The renewed French commitment in African conflicts and the Ivory Coast challenge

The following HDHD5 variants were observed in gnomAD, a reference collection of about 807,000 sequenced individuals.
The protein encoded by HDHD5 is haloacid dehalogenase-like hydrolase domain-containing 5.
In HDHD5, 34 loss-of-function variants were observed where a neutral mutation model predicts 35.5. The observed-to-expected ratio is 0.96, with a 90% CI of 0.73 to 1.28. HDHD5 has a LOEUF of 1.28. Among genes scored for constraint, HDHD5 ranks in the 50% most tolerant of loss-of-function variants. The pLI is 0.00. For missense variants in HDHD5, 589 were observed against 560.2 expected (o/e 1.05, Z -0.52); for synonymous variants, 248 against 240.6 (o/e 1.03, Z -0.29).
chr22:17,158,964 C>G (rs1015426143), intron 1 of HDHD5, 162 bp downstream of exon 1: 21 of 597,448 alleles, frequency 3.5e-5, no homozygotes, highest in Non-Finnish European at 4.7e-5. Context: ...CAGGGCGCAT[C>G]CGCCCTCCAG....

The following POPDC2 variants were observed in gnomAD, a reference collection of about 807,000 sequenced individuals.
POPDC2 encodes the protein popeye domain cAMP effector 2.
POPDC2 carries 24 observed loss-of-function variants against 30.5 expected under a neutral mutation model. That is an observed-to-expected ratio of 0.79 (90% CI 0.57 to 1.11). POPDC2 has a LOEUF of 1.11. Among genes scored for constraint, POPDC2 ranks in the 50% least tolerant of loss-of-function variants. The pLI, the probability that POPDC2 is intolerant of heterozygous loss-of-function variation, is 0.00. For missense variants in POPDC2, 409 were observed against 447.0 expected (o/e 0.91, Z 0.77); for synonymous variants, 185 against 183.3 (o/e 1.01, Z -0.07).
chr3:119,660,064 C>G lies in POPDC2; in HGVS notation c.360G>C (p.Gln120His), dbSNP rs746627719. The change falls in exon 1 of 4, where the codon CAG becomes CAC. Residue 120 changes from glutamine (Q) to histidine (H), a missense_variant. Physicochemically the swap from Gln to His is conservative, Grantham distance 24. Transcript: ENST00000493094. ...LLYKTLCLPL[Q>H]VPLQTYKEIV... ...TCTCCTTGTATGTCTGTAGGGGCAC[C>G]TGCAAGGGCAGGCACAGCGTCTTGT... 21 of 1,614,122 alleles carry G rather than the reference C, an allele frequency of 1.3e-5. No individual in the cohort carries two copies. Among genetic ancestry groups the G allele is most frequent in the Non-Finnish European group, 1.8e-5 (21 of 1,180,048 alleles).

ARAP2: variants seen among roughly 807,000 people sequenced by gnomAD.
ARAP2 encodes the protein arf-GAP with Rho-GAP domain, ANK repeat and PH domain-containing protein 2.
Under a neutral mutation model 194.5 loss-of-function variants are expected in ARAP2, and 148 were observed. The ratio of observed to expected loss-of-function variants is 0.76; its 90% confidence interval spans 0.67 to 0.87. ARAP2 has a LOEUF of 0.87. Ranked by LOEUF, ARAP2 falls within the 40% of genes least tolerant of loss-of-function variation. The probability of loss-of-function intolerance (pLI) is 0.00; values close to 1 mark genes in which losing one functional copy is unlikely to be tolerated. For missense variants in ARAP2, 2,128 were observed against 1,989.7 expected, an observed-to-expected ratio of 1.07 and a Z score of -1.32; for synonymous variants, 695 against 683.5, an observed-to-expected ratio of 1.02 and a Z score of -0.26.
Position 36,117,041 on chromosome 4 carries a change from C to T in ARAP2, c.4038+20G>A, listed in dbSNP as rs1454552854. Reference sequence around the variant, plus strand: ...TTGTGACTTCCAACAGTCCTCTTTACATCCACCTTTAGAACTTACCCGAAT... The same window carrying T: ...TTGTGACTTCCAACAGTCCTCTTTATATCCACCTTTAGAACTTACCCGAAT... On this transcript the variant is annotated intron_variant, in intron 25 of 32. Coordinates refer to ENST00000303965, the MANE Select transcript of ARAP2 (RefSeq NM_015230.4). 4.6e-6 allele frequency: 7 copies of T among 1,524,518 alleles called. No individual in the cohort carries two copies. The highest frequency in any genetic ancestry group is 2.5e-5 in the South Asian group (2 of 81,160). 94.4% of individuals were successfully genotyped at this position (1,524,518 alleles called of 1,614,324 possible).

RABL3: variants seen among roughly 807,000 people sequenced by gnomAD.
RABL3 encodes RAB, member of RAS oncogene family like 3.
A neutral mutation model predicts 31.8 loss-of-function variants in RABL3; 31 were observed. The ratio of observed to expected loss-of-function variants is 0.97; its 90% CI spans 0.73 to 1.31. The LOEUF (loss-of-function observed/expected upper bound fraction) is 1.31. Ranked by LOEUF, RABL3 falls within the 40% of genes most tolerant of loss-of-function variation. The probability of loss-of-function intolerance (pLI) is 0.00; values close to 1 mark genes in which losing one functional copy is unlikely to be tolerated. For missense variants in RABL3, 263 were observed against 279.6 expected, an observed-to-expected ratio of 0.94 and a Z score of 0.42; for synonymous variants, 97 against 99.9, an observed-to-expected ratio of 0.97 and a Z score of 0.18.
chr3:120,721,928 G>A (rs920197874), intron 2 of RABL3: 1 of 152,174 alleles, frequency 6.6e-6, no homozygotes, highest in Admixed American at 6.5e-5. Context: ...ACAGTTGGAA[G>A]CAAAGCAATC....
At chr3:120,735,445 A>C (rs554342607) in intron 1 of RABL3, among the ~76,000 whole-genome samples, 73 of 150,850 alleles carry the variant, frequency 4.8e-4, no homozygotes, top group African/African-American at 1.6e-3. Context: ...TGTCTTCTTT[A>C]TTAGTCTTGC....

The French intervention in the Ivory Coast crisis revives the interventionnist tradition of France in Africa and sketches the first lines of a new type of French commitment on the Dark Continent by initiating new intervention principles (a regional and comprehensive multilateralization of the conflict). The French intervention has a mixed outcome : it has allowed preventing the burst of a true open war but the Ivory Coast has not recovered its peace since, almost two years after the Linas-Marcoussis Agreement has been signed, the peace process that it launched is in a dead end. This blocked situation, heavy with consequences on France’s future African policy, should nevertheless not be summarised into only one French failure : to admit such an analysis would be committing a sin of excessive simplicity. The ferments of the dead end situation are to be sought elsewhere : they reside mostly in the absence of an Ivory Coast political determination to leave the crisis and the attitude of president Laurent Gbagbo is especially meaningful in this regard. – Summary AFRI-2005